Maglios Pitch: Use Video to Inform Viewers

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The pitch, believes Jerry Maglio, a veteran cable marketer
turned consultant, should be surefire for cable executives: There's no better medium
than video to tell your story.

Combined with focus-group results showing that most cable
customers didn't know what their cable operators were doing outside of channel
lineups and rate increases, Maglio was convinced that the time was right for a series of
spots that informed viewers about both issues in the cable-television industry nationally,
as well as specific news about their local system.

The result has been "CTV Updates," which debuted
at the beginning of the month on systems owned by Rifkin & Associates Inc.,
FrontierVision Partners and Triax Cablevision. Two 60-second spots are produced every
month in Denver by Wild Boar Communications (a partnership between Maglio and producer Jim
Johnson), covering timely topics, such as decisions by the Federal Communications
Commission that affect cable and the industry's 50th anniversary, as well as more
generic subjects, like Cable in the Classroom and customer-service issues.

"It became clear to me that cable systems needed to
create a communications program that conveyed information that the customer wasn't
getting, as well as their own point of view," said Maglio, who served as the
marketing chief for American Television & Communications, Daniels & Associates and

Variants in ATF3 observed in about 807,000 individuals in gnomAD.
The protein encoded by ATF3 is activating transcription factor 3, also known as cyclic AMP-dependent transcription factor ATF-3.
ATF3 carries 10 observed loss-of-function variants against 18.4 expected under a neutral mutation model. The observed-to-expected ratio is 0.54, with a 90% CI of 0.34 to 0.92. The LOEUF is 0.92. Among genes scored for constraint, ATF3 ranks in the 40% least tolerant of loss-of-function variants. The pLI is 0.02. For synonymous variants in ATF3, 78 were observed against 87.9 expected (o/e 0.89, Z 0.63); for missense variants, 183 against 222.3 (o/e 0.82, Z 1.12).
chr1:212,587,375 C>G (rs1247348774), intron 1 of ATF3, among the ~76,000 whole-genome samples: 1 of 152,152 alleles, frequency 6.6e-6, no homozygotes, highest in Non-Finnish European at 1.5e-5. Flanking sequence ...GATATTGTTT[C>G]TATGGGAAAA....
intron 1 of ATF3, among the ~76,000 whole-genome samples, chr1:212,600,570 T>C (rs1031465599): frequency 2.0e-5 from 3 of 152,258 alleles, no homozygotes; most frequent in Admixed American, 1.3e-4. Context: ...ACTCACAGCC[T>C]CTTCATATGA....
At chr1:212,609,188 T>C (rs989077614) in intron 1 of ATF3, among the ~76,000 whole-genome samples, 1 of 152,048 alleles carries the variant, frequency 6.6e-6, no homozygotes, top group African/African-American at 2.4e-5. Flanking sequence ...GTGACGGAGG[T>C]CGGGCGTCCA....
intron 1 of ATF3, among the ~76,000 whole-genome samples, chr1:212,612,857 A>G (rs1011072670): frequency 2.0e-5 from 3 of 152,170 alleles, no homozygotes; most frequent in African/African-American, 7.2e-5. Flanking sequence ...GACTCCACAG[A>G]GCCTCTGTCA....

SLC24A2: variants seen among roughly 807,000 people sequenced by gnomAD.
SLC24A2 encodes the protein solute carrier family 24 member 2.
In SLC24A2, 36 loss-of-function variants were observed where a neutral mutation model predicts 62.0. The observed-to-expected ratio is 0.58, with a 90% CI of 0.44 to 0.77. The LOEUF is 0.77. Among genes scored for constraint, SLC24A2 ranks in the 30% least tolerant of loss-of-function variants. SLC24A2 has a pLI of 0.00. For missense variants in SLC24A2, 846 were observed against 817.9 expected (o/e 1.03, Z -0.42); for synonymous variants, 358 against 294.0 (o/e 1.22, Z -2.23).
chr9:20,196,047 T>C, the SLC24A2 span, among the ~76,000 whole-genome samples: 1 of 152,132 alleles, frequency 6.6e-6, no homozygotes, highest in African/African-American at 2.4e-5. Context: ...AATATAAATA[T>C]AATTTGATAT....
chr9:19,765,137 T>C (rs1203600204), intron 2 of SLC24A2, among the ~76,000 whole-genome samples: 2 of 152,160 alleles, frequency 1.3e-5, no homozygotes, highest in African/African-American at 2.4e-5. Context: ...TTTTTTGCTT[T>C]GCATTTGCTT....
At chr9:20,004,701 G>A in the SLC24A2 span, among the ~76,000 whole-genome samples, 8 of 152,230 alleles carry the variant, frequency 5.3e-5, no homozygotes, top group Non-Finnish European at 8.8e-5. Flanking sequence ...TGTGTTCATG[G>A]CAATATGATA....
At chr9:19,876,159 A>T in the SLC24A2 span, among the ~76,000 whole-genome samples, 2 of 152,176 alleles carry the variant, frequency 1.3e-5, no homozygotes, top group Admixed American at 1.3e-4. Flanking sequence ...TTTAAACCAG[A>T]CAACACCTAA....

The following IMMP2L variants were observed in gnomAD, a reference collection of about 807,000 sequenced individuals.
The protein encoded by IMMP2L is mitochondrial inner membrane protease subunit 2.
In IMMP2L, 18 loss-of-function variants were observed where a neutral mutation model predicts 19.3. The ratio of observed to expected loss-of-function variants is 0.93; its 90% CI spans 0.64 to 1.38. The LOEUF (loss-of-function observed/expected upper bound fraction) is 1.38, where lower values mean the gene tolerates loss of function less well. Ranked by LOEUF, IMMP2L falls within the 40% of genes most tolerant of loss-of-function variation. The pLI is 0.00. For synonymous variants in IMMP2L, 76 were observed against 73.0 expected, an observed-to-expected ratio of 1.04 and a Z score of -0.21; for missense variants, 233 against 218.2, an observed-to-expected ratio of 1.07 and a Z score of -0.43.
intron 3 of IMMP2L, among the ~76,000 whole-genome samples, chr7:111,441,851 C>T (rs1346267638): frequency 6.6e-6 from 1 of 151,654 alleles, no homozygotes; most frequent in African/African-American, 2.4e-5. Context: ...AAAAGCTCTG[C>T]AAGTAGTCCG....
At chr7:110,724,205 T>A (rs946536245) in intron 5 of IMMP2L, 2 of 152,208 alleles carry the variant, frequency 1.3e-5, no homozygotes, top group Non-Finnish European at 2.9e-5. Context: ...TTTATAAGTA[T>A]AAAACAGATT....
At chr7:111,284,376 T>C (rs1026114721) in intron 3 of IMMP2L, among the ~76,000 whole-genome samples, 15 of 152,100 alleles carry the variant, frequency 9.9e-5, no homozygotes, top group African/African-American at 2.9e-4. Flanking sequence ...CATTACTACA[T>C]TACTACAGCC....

United Artists Cable before becoming a consultant seven years ago. "It had to be
different from a branding and image campaign, and it had be in a different form than a
newsletter or billstuffer, which are either thrown out or only read by one person."

One of the keys to the success of the series, Maglio said,
was a credible on-air talent who would inspire trust among viewers. Maglio ended up
securing the services of Ed Greene, a popular weatherman for KUSA-TV, NBC's affiliate
in Denver, but he had to agree to exclude Colorado cable systems from showing CTV Updates.

Maglio is charging MSOs at least $6,000 per month (and
more, depending on the company's size) to show two Updates spots, customized with the
MSO's logo, as many times as they wish, on different systems.

MSOs can also get system-specific CTV Updates to augment
local-marketing efforts. Rifkin, for example, wanted customers to know about its rebuild
efforts and service upgrades. FrontierVision wanted spots to introduce itself to customers
in newly acquired cable systems. And Triax plans to use CTV Updates to inform subscribers
about its upcoming digital launch.

Lee Clayton, vice president of marketing for Rifkin, said
she views the spots as a vital component of the MSO's re-energized communications
program.

"Customers tell us that the only time that they hear
from us is when there's a rate increase, or when we want to sell something," she
said. "We haven't done a good job of communicating and, now that we have an
important new product in digital arriving and an improved level of service, we have to do
a better job of keeping people informed."

An added benefit of having better-informed customers,
Clayton added, was the fact that subscribers would be more knowledgeable about the
economics of the cable business -- including the programming costs that contribute to rate
hikes.

Maglio said he's optimistic that the spots will become
a cable staple, because "the operators themselves suggested that they needed it. But
they never get around to it because of pressures of time and money. This way, it's
affordable, and someone else can do it for them."

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